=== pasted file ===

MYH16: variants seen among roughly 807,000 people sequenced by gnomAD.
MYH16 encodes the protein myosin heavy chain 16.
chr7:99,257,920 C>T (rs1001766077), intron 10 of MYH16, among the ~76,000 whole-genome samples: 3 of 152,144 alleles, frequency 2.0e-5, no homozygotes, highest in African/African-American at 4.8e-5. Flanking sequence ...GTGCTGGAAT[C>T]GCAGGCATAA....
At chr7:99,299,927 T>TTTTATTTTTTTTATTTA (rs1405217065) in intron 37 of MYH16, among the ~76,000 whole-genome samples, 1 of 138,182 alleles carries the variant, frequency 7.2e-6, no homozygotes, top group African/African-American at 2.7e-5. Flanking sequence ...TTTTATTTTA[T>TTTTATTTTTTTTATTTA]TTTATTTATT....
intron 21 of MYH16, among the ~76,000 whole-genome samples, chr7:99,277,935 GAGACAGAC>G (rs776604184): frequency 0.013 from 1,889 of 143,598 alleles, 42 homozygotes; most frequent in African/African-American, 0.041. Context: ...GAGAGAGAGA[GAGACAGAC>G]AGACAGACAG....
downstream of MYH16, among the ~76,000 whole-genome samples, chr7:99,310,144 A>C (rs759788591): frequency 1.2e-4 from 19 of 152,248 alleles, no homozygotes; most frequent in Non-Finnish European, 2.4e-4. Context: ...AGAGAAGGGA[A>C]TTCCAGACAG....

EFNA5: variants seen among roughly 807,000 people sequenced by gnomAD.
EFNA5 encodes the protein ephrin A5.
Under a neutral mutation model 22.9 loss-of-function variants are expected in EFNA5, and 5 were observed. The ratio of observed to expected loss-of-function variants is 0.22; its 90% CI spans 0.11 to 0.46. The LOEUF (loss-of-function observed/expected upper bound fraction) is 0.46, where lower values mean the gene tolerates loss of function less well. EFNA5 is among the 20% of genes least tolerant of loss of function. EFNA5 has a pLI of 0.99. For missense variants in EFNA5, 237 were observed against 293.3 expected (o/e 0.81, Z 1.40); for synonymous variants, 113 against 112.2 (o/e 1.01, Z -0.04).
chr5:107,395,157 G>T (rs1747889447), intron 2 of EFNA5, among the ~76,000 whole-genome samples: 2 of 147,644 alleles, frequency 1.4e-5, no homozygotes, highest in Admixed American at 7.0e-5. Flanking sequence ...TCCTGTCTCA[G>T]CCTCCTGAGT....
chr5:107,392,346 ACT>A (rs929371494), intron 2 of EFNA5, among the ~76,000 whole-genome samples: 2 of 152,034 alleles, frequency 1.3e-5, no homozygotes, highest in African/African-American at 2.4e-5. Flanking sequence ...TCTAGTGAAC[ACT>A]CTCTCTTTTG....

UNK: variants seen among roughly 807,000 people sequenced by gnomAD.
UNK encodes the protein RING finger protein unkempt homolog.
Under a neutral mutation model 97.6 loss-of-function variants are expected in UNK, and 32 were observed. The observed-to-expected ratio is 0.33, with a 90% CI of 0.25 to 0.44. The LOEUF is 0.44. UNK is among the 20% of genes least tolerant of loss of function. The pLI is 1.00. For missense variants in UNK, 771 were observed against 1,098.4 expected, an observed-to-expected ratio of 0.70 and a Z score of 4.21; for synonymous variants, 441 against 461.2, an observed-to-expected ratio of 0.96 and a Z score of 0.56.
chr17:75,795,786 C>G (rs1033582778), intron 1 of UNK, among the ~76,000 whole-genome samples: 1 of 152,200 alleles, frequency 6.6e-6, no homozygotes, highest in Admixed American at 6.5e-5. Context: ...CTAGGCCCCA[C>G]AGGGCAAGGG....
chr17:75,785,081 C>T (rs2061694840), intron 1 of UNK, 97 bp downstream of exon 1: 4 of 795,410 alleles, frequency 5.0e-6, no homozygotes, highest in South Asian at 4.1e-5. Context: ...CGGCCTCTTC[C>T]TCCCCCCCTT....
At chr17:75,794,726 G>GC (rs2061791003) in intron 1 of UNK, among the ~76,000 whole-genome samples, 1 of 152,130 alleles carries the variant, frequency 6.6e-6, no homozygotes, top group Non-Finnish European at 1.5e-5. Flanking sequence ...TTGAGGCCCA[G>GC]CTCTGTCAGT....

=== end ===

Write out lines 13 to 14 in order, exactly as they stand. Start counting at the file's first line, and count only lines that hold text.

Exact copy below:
UNK encodes the protein RING finger protein unkempt homolog.
Under a neutral mutation model 97.6 loss-of-function variants are expected in UNK, and 32 were observed. The observed-to-expected ratio is 0.33, with a 90% CI of 0.25 to 0.44. The LOEUF is 0.44. UNK is among the 20% of genes least tolerant of loss of function. The pLI is 1.00. For missense variants in UNK, 771 were observed against 1,098.4 expected, an observed-to-expected ratio of 0.70 and a Z score of 4.21; for synonymous variants, 441 against 461.2, an observed-to-expected ratio of 0.96 and a Z score of 0.56.